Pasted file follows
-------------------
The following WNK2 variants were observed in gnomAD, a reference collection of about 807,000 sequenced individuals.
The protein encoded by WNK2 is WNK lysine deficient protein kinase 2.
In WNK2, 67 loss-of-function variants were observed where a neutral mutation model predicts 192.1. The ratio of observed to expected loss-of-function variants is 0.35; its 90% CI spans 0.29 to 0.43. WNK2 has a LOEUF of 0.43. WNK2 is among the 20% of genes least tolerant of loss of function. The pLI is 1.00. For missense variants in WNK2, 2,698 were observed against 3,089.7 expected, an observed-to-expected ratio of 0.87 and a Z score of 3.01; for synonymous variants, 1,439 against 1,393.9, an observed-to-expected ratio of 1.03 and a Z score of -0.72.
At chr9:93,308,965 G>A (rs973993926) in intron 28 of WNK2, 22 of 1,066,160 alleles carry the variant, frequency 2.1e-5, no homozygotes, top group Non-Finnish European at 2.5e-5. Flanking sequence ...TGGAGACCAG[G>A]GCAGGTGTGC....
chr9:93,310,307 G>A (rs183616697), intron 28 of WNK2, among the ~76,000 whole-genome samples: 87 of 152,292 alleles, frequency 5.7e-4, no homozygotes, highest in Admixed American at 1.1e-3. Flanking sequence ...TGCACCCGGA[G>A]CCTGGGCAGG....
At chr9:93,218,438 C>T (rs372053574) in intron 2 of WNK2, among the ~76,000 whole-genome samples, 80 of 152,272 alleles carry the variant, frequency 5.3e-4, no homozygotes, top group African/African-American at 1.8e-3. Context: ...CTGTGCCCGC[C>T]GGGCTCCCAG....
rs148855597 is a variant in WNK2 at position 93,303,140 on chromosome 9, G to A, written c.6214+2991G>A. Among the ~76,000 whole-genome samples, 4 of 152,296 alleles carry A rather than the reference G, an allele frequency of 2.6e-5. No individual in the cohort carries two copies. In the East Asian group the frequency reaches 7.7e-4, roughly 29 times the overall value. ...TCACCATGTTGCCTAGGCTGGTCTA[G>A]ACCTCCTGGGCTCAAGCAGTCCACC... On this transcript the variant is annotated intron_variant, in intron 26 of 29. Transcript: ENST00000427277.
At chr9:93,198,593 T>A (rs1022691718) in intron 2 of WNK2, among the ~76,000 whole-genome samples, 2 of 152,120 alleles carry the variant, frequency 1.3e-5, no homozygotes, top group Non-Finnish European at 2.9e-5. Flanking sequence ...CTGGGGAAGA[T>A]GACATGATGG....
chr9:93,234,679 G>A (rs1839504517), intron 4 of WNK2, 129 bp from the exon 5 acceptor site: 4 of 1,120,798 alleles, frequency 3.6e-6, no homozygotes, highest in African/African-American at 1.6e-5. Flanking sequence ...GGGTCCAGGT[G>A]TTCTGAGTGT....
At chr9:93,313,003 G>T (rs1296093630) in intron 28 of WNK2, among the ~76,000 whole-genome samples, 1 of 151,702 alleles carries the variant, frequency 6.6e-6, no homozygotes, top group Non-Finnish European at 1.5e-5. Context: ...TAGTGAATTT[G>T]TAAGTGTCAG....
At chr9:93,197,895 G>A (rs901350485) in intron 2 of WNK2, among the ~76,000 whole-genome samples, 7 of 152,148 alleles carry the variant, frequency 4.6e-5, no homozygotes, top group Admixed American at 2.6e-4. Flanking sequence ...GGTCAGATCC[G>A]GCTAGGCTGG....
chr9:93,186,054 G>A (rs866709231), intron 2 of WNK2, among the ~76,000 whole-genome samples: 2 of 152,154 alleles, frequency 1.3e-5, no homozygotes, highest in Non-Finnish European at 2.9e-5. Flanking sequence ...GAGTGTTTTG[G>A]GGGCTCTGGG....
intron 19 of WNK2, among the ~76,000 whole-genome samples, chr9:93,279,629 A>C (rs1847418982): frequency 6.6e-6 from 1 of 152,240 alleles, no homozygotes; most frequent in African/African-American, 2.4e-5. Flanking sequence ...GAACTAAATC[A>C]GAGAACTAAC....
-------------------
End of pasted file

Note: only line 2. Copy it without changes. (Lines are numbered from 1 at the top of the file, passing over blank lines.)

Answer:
The protein encoded by WNK2 is WNK lysine deficient protein kinase 2.